Oct 2, 2013; Cleveland, OH, USA; Tampa Bay Rays relief pitcher Fernando Rodney (56) celebrates after defeating the Cleveland Indians in the American League wild card playoff game at Progressive Field. Tampa Bay won 4-0. Mandatory Credit: David Richard-USA TODAY Sports

Could Fernando Rodney Return in 2014?

Sep 29, 2013; Toronto, Ontario, CAN; Tampa Bay Rays pitcher Fernando Rodney (56) reacts after walking Toronto Blue Jays third baseman Brett Lawrie (not pictured) in the eighth inning at Rogers Centre. Tampa defeated Toronto 7-6. Mandatory Credit: John E. Sokolowski-USA TODAY Sports

Fernando Rodney came to the Rays on a make-good deal, a one year contract with a team option for a second year that the Rays could have walked away from with minimal cost. As a pitcher who had been decidedly league average over the course of his eight year career and appeared to be on the verge of being out of baseball, Rodney was a low risk-high reward type player that the Rays love to target. He far exceeded expectations, going beyond the typical career year of one of the Rays reclamation projects, posting a historically great season in 2012. That offseason, Rodney had looked for a contract extension, but the Rays chose to let him pitch the season out, to see if he could perform at that level again. Instead, Rodney regressed, not quite to the pitcher he had been before coming to Tampa Bay, but enough where his departure from the Rays seemed to be a forgone conclusion.

However, if Joel Peralta and his teammates over the past two seasons have anything to say about it, Rodney would return as the Rays closer next season. Speaking to reporters Wednesday night, Peralta talked about how he wants Rodney back, and the Rodney may be willing to give the Rays a discount to come back.

“We’ll see,” Peralta said. “I’m really hoping that we both come back. If not, Fernando and I, we’re like brothers right now. If he’s not here, I’m really, really going to miss the guy. He’s one of the best as a pitcher, one of the best as teammates. We’ve got a great relationship, and I’m really hoping that he’s back.”

The problem with signing Rodney is that it is difficult to determine what he is at this point. Even ignoring the 2012 season as a complete aberration, Rodney shook off a rough beginning of the season to put together an excellent final four months of the season, putting together a 2.28 ERA, saving 28 of 31 chances. He held the opposition to a .208 batting average, striking out 56 batters against 18 walks. It may not have been 2012 all over again, but those numbers are comparable to the top closers in baseball. Is Rodney truly an elite closer, or is he the maddeningly inconsistent reliever who can be dominant for a stretch of time, then suddenly lose command and become extremely flammable on the mound?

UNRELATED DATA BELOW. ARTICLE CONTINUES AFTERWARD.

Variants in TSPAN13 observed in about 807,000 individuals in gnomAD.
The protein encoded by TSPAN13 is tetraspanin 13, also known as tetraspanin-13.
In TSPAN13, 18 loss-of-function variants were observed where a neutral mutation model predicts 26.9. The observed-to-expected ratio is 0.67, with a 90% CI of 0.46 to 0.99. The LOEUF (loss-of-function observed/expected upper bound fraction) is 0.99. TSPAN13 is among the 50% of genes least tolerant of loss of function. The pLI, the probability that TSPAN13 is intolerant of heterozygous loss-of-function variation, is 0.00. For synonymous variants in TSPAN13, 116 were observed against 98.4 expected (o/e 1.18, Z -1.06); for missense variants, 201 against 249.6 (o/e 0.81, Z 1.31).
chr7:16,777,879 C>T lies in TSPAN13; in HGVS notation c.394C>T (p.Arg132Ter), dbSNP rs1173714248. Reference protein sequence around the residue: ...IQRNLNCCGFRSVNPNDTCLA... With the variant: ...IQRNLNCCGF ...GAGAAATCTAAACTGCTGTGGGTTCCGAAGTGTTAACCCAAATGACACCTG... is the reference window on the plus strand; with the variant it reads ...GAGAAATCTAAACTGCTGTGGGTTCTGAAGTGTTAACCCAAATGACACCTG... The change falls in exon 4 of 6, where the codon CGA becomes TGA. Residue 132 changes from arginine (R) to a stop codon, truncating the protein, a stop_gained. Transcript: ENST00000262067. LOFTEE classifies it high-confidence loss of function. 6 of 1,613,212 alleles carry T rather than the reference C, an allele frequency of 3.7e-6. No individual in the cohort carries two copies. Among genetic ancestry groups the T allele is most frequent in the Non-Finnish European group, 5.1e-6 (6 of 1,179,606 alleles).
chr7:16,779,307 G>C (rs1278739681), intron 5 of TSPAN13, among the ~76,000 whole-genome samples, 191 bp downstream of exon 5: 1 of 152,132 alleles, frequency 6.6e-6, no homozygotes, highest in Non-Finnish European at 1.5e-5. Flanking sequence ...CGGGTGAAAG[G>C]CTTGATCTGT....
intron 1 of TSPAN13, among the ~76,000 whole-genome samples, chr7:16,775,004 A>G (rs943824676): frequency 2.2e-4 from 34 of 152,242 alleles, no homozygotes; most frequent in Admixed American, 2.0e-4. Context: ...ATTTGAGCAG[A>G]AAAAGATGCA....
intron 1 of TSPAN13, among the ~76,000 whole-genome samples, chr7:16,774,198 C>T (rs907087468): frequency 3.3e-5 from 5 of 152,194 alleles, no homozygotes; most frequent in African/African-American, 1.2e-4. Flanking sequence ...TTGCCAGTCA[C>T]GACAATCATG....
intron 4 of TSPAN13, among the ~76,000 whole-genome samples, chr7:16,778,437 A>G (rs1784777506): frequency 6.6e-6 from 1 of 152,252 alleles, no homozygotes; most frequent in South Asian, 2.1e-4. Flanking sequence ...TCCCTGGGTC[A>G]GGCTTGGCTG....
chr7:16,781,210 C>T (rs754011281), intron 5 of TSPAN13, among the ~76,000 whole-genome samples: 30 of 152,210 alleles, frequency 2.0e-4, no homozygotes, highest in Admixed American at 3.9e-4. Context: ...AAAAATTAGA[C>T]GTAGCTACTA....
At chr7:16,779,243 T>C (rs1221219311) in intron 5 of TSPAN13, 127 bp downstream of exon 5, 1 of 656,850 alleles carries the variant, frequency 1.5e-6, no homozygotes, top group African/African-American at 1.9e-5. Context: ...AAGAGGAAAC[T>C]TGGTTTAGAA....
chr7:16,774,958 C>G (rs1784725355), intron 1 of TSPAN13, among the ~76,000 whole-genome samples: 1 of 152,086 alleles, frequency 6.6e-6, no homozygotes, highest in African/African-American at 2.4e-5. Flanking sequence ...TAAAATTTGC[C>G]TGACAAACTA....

Rodney is going to be an interesting case in free agency. If a team truly feels that Rodney is closer to a possibly elite closer than the disaster of the first two months of 2013, then he is likely to receive a lot more money than the Rays would be likely to offer. Also, one has to wonder how much interest the Rays would have in bringing Rodney back. He will be 37 years old at the start of the 2014 season, and the Rays do have a number of possible options to replace Rodney in Jake McGee, Alex Torres and even Peralta himself. The Rays have been historically adverse to paying for closers, and with a number of holes to fill heading into 2014, it seems unlikely that Rodney will be back.

Fernando Rodney may have been a popular teammate, and he may well take a discount to come back to the Rays. But in the end, it is going to come down to whether or not Rodney is worth the price tag to bring back. With possible holes around the diamond and in the relief corps, they may not be able to afford Rodney.

Tags: Fernando Rodney Tampa Bay Rays

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